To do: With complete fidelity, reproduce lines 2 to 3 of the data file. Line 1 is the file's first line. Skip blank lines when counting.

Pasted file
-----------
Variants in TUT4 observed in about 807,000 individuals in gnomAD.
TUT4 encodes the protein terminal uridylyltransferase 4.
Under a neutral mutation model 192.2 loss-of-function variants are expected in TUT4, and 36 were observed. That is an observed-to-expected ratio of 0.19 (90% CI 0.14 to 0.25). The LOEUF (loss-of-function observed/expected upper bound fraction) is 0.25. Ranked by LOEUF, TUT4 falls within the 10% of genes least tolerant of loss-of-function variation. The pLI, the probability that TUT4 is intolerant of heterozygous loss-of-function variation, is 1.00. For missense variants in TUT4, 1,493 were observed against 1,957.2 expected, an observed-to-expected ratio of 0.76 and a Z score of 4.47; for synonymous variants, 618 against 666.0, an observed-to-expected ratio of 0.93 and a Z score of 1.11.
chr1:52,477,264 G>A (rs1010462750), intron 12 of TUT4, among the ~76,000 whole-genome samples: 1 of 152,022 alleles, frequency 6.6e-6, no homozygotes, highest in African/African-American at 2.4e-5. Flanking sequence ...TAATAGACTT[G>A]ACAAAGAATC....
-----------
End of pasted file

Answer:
TUT4 encodes the protein terminal uridylyltransferase 4.
Under a neutral mutation model 192.2 loss-of-function variants are expected in TUT4, and 36 were observed. That is an observed-to-expected ratio of 0.19 (90% CI 0.14 to 0.25). The LOEUF (loss-of-function observed/expected upper bound fraction) is 0.25. Ranked by LOEUF, TUT4 falls within the 10% of genes least tolerant of loss-of-function variation. The pLI, the probability that TUT4 is intolerant of heterozygous loss-of-function variation, is 1.00. For missense variants in TUT4, 1,493 were observed against 1,957.2 expected, an observed-to-expected ratio of 0.76 and a Z score of 4.47; for synonymous variants, 618 against 666.0, an observed-to-expected ratio of 0.93 and a Z score of 1.11.